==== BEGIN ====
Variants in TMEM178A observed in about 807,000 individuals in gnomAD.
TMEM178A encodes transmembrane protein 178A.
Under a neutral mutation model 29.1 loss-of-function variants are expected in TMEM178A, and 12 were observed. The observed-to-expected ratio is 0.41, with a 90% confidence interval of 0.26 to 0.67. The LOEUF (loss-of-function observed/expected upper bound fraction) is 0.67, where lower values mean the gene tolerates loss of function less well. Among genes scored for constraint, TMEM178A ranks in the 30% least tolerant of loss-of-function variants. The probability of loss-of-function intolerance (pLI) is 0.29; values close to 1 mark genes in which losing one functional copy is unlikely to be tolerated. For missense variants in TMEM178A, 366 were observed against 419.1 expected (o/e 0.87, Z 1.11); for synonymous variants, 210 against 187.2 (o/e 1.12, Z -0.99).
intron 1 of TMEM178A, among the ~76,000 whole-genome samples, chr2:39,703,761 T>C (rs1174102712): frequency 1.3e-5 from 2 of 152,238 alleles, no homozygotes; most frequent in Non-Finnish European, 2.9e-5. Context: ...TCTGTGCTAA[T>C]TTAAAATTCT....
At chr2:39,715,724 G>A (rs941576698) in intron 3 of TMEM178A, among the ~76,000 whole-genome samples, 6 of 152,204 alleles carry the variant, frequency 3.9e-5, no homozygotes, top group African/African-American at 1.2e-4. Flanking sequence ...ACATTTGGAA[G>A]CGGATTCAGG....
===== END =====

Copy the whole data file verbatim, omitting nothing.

Variants in TMEM178A observed in about 807,000 individuals in gnomAD.
TMEM178A encodes transmembrane protein 178A.
Under a neutral mutation model 29.1 loss-of-function variants are expected in TMEM178A, and 12 were observed. The observed-to-expected ratio is 0.41, with a 90% confidence interval of 0.26 to 0.67. The LOEUF (loss-of-function observed/expected upper bound fraction) is 0.67, where lower values mean the gene tolerates loss of function less well. Among genes scored for constraint, TMEM178A ranks in the 30% least tolerant of loss-of-function variants. The probability of loss-of-function intolerance (pLI) is 0.29; values close to 1 mark genes in which losing one functional copy is unlikely to be tolerated. For missense variants in TMEM178A, 366 were observed against 419.1 expected (o/e 0.87, Z 1.11); for synonymous variants, 210 against 187.2 (o/e 1.12, Z -0.99).
intron 1 of TMEM178A, among the ~76,000 whole-genome samples, chr2:39,703,761 T>C (rs1174102712): frequency 1.3e-5 from 2 of 152,238 alleles, no homozygotes; most frequent in Non-Finnish European, 2.9e-5. Context: ...TCTGTGCTAA[T>C]TTAAAATTCT....
At chr2:39,715,724 G>A (rs941576698) in intron 3 of TMEM178A, among the ~76,000 whole-genome samples, 6 of 152,204 alleles carry the variant, frequency 3.9e-5, no homozygotes, top group African/African-American at 1.2e-4. Flanking sequence ...ACATTTGGAA[G>A]CGGATTCAGG....